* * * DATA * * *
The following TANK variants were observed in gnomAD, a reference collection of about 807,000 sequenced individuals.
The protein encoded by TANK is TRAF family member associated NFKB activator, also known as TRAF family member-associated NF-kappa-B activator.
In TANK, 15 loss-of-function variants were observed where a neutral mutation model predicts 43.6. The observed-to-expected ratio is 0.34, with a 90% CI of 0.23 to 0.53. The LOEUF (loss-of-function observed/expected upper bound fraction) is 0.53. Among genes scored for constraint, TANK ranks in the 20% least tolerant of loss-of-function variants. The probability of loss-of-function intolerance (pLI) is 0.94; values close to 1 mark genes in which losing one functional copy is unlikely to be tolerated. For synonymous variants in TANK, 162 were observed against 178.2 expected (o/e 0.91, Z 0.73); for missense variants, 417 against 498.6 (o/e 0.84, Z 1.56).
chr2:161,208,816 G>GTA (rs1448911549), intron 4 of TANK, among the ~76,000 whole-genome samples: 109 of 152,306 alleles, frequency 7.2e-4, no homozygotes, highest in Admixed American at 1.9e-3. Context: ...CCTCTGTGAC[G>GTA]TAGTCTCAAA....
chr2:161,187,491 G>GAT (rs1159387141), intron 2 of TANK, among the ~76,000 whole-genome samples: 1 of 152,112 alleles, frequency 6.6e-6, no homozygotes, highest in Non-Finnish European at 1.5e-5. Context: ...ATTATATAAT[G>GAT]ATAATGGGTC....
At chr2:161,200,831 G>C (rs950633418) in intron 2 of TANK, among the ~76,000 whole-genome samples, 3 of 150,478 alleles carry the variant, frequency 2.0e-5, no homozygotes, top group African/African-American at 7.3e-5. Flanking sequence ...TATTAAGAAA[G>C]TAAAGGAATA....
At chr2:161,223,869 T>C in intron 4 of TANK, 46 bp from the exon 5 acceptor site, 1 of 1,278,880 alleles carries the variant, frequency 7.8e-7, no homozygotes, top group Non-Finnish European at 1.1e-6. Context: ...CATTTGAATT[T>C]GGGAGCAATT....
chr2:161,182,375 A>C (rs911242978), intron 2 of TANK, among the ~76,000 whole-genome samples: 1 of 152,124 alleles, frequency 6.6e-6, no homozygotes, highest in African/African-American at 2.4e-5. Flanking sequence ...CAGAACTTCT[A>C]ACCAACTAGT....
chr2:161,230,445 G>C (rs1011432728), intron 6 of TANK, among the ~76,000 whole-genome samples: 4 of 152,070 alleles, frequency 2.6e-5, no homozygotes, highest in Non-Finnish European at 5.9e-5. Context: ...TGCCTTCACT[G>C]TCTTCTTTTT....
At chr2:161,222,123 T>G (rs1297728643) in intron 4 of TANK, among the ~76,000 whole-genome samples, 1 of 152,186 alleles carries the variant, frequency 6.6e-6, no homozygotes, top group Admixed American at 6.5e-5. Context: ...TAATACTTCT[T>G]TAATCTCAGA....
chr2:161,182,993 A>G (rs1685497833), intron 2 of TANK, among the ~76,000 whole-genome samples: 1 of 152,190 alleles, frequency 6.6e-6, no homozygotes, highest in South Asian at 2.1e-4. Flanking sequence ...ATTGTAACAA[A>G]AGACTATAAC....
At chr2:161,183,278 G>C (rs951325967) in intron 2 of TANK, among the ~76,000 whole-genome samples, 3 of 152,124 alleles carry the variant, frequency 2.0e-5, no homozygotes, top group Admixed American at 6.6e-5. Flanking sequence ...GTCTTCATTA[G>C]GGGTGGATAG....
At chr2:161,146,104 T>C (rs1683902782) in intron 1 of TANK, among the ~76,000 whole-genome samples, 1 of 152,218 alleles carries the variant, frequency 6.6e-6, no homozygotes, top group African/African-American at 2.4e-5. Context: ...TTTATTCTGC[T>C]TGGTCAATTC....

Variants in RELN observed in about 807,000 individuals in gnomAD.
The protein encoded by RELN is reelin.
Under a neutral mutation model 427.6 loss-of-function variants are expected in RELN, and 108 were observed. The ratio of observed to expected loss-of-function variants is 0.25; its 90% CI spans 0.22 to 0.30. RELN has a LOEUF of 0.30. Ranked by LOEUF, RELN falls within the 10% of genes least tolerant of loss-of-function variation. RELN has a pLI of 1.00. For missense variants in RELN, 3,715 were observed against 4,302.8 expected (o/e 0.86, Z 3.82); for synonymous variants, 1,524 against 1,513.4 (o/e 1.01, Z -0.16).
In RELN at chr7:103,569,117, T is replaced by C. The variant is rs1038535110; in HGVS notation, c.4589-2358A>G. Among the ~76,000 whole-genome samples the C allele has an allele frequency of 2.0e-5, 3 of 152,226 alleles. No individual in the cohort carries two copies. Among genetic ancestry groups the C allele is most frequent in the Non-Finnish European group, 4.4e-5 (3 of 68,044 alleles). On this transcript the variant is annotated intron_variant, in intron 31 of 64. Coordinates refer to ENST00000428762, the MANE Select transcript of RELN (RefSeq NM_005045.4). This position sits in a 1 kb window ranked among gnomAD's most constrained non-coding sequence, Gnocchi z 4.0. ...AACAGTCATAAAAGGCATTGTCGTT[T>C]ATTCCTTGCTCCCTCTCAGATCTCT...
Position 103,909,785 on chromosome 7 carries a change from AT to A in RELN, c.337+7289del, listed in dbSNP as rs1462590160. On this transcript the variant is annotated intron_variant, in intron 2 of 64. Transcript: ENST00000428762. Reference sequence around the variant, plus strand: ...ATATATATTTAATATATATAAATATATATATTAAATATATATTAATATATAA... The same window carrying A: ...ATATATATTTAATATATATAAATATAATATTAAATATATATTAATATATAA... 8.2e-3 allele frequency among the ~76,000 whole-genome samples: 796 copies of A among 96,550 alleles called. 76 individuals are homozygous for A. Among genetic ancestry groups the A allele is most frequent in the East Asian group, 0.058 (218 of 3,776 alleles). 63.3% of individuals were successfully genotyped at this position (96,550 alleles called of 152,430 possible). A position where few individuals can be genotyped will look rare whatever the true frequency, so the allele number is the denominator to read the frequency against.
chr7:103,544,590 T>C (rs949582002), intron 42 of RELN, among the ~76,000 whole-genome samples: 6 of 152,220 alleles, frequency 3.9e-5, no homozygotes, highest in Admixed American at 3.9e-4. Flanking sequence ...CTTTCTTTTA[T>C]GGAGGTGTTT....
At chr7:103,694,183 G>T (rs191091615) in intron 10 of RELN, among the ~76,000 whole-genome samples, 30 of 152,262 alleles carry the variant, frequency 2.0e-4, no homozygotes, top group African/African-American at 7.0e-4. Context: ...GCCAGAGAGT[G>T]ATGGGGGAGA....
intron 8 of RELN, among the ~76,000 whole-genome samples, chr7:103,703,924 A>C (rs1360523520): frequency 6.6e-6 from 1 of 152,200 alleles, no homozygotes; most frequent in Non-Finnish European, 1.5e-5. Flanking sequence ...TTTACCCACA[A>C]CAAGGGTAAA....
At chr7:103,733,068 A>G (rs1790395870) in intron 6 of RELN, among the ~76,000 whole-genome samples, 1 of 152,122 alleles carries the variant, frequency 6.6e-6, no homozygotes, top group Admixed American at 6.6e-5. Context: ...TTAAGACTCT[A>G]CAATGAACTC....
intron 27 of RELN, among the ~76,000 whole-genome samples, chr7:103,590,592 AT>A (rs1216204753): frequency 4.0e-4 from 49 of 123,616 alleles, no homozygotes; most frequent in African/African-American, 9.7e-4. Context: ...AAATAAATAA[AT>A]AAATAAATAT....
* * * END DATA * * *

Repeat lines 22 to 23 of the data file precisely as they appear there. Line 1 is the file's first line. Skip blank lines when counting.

At chr7:103,733,068 A>G (rs1790395870) in intron 6 of RELN, among the ~76,000 whole-genome samples, 1 of 152,122 alleles carries the variant, frequency 6.6e-6, no homozygotes, top group Admixed American at 6.6e-5. Context: ...TTAAGACTCT[A>G]CAATGAACTC....
intron 27 of RELN, among the ~76,000 whole-genome samples, chr7:103,590,592 AT>A (rs1216204753): frequency 4.0e-4 from 49 of 123,616 alleles, no homozygotes; most frequent in African/African-American, 9.7e-4. Context: ...AAATAAATAA[AT>A]AAATAAATAT....